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The Globe and Mail

A gallery of Egdar Rice Burroughs pulp covers

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Edgar Rice Burroughs published his first John Carter story in 1912 and went on to produce of a prolific series of stories based on the heroics of a Civil War veteran who ends up on Mars.

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The pulp stories with which Burroughs is synonymous were first published in Argosy magazine in the late 1800s.

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Burroughs read some of the original stories in Argosy, which weren't all that good. "I knew absolutely that I could write stories just as entertaining and probably a whole lot more so than any I chanced to read in those magazines," he is quoted as saying.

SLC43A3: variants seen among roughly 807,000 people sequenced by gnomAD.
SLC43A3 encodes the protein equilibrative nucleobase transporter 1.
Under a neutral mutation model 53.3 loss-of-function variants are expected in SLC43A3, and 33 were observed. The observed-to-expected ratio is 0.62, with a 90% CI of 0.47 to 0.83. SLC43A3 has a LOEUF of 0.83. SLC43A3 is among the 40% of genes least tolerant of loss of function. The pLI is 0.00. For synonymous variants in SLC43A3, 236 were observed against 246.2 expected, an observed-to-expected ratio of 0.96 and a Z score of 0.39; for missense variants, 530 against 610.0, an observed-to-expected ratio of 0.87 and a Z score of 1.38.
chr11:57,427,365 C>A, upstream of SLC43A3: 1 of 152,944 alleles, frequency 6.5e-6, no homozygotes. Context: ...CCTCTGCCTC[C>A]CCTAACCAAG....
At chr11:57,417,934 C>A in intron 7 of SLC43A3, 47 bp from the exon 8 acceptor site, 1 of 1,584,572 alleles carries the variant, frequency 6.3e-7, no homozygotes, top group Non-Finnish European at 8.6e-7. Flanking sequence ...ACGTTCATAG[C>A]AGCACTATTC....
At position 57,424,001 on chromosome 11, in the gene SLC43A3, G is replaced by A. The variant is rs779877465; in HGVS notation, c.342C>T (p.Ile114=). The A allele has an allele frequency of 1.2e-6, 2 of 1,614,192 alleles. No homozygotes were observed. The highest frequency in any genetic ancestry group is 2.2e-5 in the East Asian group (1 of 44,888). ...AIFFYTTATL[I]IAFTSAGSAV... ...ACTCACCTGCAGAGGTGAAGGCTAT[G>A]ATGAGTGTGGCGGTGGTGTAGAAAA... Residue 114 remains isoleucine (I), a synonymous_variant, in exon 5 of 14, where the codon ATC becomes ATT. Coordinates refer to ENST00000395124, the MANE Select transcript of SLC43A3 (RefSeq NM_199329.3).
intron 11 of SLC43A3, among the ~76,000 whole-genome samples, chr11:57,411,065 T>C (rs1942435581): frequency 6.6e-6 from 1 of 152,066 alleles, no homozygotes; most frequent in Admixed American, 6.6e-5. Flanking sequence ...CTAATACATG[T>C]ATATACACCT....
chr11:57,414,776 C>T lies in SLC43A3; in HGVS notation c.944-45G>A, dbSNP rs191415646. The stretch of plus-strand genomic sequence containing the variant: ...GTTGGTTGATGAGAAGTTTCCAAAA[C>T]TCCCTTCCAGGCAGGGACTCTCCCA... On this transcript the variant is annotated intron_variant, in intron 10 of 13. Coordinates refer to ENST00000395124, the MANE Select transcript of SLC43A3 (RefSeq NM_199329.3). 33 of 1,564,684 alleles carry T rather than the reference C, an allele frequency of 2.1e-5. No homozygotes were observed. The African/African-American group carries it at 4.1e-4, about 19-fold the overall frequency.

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During their heyday in the 1920s and 1930s, the pulps gave the world such adventure writers as H. Rider Haggard (She, the Lost World), Robert E. Howard (Conan the Adventurer) and the most influential of them all, Edgar Rice Burroughs.

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"The Synthetic Men of Mars" was part of the John Carter series and another Burroughs blockbuster.

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Burroughs's Tarzan series became his most well known, but his John Carter series is more often cited as an influence by modern science-fiction writers and filmmakers.

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Among those who have claimed the John Carter stories as influences are Robert Heinlein, Arthur C. Clarke and Ray Bradbury, who wrote that “Burroughs is probably the most influential writer in the entire history of the world.”

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